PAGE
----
(Reuters) - Efforts to speed up the pace of play in Major League Baseball have intensified as commissioner Bud Selig has challenged a new committee to find ways to shorten the average time of a game.
Three seasons ago seven MLB teams averaged over three hours a game, while now all but one of the 30 teams do, according to CBSSports.com.
“The goals of the committee will focus on decreasing time of game and improving the overall pace of play in the 2015 regular season and beyond,” MLB said in a statement on Monday.
The committee will be chaired by Atlanta Braves president John Schuerholz and comprised of commmissioner-elect Rob Manfred, Mets general manager Sandy Alderson, players union chief Tony Clark, Red Sox partner Michael Gordon, MLB VP of baseball operations Joe Torre and Red Sox chairman Tom Werner.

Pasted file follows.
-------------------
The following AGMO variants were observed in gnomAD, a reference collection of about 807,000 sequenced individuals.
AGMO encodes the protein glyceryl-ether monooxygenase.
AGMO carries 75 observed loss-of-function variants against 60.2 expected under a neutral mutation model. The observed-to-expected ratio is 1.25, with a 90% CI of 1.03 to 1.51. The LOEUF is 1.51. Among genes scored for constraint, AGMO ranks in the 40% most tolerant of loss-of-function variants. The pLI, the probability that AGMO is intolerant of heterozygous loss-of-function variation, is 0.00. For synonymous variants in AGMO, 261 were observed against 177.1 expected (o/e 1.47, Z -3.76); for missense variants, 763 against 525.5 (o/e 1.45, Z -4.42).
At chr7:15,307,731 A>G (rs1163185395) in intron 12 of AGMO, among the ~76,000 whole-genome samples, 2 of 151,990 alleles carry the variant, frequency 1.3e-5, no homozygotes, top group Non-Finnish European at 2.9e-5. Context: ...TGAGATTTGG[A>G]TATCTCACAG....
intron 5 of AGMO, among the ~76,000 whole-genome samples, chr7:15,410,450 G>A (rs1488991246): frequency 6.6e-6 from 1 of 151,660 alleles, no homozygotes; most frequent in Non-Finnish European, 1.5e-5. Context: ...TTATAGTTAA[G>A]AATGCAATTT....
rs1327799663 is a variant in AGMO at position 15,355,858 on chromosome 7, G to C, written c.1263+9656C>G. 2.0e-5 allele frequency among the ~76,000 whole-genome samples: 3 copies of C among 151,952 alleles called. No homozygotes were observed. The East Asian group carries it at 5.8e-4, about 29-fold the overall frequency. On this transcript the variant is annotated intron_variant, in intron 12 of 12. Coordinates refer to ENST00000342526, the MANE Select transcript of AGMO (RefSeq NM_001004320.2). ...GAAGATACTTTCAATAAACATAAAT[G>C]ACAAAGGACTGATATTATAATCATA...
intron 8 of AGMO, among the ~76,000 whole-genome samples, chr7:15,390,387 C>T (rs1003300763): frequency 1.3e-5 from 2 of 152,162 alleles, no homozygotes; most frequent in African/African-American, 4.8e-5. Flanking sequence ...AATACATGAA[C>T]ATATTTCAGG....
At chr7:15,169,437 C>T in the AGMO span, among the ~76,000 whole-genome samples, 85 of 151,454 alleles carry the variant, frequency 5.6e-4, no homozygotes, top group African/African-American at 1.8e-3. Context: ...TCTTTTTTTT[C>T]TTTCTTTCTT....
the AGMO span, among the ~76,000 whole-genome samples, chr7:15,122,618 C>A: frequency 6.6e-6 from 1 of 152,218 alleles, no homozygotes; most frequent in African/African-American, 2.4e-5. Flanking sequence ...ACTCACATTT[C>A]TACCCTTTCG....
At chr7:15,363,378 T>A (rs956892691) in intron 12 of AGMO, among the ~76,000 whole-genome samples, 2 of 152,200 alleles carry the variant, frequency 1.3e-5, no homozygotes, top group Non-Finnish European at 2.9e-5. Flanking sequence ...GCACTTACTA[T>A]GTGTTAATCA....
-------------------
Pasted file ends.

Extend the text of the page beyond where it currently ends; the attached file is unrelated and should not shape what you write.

“With the cooperation of all appropriate parties, we can make progress on improving the pace of play, and we will have recommendations in the very near future for the 2015 season,” Selig, who is retiring in mid-January, said in a statement.
Some suggestions have included implementing a time limit for pitchers between each delivery, and mandating that batters be in the batter’s box ready to hit without having to go through a series of habitual adjustments between each pitch.
“I believe that this group has the experience and the perspective to be mindful of our game’s traditions while being creative about our approach in the future,” Selig said.
Reporting by Larry Fine in New York; Editing by Frank Pingue